A Song Is Born

1948

Comedy / Music / Musical / Romance

2
Rotten Tomatoes Critics - Rotten 50%
Rotten Tomatoes Audience - Upright 76%
IMDb Rating 6.9 10 2225

Synopsis


Uploaded By: FREEMAN
March 31, 2021 at 11:04 AM

Director

Cast

Steve Cochran as Tony Crow
Virginia Mayo as Honey Swanson
Felix Bressart as Professor Gerkikoff
Danny Kaye as Professor Hobart Frisbee
720p.WEB 1080p.WEB
1.01 GB
956*720
English 2.0
NR
23.976 fps
1 hr 52 min
P/S 1 / 3
1.88 GB
1424*1072
English 2.0
NR
23.976 fps
1 hr 52 min
P/S 1 / 4

Movie Reviews

Reviewed by bkoganbing 7 / 10

Swing and Sway with Danny Kaye

I'm truly dating myself but back in the swing days there was a bandleader named Sammy Kaye who used that as his band's slogan. Otherwise my title would have been the tag line for this film.

It was only seven years earlier that the original film, Ball of Fire also came from the Sam Goldwyn Studio. In that one Gary Cooper was one of several professors who were putting together an encyclopedia. His specialty was linguistics and he selected Barbara Stanwyck to help in learn new slang terms.

Here it's a musical encyclopedia and Virginia Mayo stumbles into the lives of the sheltered professors putting this history together. They've led such a cloistered existence that the whole jazz era has passed them by. So Kaye in the Cooper role and another professor played by Benny Goodman with Mayo get some of the best to help them along.

A Song is Born is a pleasant although a previous reviewer is correct in saying that Danny Kaye is far more subdued than usual in this film. But anytime you can get Benny Goodman, Tommy Dorsey, Louis Armstrong, Charlie Barnet, and Mel Powell together for a jam session, the film automatically becomes worthwhile.

This is for every fan of jazz in the world.

Reviewed by jotix100 7 / 10

And all that jazz

Howard Hawks remake of his 1941 comedy "Ball of Fire" was a vehicle for Danny Kaye, who was popular at the time. This film is based on a story by Billy Wilder and Thomas Monroe, which had also been the basis of the original film. The movie was shot in Technicolor, something that must have been one of the stipulations of its star, Danny Kaye.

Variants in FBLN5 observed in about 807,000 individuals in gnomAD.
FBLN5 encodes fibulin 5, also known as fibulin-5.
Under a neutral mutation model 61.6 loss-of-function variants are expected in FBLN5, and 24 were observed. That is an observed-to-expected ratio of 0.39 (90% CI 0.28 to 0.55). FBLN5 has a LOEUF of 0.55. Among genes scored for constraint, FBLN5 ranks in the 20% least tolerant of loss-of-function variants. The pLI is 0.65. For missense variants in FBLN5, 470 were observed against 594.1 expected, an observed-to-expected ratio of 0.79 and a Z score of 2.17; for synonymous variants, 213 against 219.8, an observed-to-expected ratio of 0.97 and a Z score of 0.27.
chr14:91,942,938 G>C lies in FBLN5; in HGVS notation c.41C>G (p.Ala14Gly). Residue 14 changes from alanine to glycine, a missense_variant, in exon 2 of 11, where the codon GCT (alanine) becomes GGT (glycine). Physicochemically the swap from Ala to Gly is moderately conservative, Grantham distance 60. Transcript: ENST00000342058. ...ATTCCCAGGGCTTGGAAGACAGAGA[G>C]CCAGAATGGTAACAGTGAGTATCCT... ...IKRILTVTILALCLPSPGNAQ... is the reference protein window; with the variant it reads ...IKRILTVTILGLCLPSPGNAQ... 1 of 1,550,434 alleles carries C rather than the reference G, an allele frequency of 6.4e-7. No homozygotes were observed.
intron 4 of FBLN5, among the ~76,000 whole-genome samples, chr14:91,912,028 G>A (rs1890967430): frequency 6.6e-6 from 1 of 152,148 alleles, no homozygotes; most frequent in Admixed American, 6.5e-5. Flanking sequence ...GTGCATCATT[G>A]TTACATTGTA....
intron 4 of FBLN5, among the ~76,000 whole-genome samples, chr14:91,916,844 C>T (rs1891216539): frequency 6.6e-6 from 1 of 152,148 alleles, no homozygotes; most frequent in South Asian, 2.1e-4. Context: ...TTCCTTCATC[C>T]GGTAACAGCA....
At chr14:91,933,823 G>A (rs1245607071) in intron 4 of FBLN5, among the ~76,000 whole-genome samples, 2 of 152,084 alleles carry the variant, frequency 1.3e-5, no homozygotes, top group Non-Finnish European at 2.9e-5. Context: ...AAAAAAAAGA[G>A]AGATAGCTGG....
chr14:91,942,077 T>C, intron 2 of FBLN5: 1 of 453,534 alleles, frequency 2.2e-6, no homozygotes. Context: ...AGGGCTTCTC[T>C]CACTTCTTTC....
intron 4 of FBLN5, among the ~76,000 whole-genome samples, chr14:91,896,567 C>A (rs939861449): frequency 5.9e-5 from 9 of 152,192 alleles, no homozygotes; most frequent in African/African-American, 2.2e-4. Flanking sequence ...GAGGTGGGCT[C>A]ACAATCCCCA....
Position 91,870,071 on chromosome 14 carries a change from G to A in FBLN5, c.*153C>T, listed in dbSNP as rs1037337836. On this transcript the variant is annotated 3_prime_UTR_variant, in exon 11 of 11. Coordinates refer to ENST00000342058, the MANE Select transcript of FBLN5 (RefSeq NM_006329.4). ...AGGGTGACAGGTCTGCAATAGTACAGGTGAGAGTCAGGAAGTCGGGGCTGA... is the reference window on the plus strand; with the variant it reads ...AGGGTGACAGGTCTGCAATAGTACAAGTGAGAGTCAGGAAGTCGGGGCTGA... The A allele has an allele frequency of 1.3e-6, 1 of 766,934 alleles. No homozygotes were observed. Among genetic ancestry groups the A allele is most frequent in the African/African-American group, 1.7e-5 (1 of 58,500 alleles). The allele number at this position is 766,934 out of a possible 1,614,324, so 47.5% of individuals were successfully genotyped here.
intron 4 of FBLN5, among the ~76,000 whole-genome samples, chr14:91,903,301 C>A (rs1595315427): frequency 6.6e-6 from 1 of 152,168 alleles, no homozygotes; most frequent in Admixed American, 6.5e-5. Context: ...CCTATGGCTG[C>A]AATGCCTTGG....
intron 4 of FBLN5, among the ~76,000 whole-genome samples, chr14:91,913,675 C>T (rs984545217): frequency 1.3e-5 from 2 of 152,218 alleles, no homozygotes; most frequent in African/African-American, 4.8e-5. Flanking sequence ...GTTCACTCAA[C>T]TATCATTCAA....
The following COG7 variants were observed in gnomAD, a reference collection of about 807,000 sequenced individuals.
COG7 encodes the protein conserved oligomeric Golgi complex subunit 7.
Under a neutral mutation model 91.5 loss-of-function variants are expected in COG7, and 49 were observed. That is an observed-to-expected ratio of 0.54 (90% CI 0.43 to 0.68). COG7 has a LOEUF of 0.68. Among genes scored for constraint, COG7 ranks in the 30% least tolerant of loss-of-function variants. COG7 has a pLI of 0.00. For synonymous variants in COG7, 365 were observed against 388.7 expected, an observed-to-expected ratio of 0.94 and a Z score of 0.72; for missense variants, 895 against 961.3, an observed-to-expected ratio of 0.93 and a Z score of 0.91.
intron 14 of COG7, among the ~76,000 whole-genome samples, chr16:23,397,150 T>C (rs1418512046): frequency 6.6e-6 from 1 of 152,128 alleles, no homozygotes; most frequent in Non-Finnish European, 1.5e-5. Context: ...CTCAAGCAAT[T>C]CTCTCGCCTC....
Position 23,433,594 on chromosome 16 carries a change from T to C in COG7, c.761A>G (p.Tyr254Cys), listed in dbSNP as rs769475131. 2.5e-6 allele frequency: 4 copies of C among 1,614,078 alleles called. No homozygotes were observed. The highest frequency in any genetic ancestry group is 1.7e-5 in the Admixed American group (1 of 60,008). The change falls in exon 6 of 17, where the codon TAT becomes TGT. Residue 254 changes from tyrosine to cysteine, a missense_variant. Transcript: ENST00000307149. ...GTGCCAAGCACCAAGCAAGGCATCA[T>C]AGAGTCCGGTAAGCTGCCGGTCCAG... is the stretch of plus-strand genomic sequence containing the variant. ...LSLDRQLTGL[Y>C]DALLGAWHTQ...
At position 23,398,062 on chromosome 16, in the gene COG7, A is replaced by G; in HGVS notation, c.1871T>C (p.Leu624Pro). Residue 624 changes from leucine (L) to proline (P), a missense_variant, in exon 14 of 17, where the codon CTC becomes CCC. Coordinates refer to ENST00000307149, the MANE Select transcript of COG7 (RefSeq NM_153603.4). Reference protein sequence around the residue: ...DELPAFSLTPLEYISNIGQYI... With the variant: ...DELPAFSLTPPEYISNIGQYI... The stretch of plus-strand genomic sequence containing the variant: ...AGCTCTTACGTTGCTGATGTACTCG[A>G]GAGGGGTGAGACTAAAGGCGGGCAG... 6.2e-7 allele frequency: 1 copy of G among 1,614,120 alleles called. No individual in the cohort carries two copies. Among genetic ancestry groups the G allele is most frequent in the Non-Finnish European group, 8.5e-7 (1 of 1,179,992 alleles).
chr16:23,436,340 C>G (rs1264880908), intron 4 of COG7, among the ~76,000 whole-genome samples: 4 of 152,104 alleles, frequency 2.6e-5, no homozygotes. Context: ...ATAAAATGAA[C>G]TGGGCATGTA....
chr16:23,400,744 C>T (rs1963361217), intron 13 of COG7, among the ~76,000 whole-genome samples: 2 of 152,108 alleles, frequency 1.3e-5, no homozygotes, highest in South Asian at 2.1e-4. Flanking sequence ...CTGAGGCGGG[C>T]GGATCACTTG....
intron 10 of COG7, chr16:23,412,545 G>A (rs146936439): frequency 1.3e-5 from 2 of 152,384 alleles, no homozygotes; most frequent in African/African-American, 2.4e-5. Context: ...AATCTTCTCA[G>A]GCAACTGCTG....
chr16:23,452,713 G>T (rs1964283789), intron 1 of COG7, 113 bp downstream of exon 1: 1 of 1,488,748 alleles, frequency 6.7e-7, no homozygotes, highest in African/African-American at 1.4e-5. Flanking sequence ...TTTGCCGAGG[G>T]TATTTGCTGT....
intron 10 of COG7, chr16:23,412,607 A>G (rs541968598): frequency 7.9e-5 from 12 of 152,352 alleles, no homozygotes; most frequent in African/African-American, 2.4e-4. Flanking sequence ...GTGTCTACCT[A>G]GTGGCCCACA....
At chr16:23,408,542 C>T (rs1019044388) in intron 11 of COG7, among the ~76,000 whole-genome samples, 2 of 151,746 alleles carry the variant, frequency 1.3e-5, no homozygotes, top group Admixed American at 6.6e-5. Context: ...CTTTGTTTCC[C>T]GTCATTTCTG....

By changing the original premise from learning about slang to learning about the new popular rhythms that had come out during the thirties and forties, the creators thought they were updating the basic idea, and they succeed, at times. The best thing in this film is the array of talent we see. Some of the giants in popular music of that time, are seen at their best in musical numbers that are clever and that reminds the viewer how classic compositions could relate to the new expressions.

The central story is just a pretext to present Danny Kaye, who is the nerdy professor Frisbee, and his co-star, Virginia Mayo, a night club singer, Honey Swanson. Professor Frisbee gets in hot water because unknown to him, Honey is involved with a gangster, Tony Crow, who doesn't want to let go of his beautiful girlfriend. Besides the two stars, Steve Cochran puts in an appearance as Tony.

Some of the best known popular musicians of that era are seen doing wonderful music together. Tommy Dorsey, Mel Powell, Buck and Bubbles, Charlie Barnett, Louis Armstrong, Lionel Hampton, and Benny Goodman, who plays one of the professors.

The film, while not as original as its model, is worth watching for the music alone. Music fans are in for a treat thanks to Mr. Hawks.

Reviewed by llltdesq 8 / 10

The music is incredible in this movie!

This movie (a remake of 1941's "Ball of Fire") is an entertaining movie. But if you like swing or JAZZ, you have got to see this! Most Danny Kaye movies have good musical scores, but this one has Benny Goodman, Louis Armstrong and a number of other greats performing. Not as good a movie as "The Five Pennies", but well worth seeing for the music and for Danny Kaye. Recommended to anyone who likes Jazz and/or Swing.

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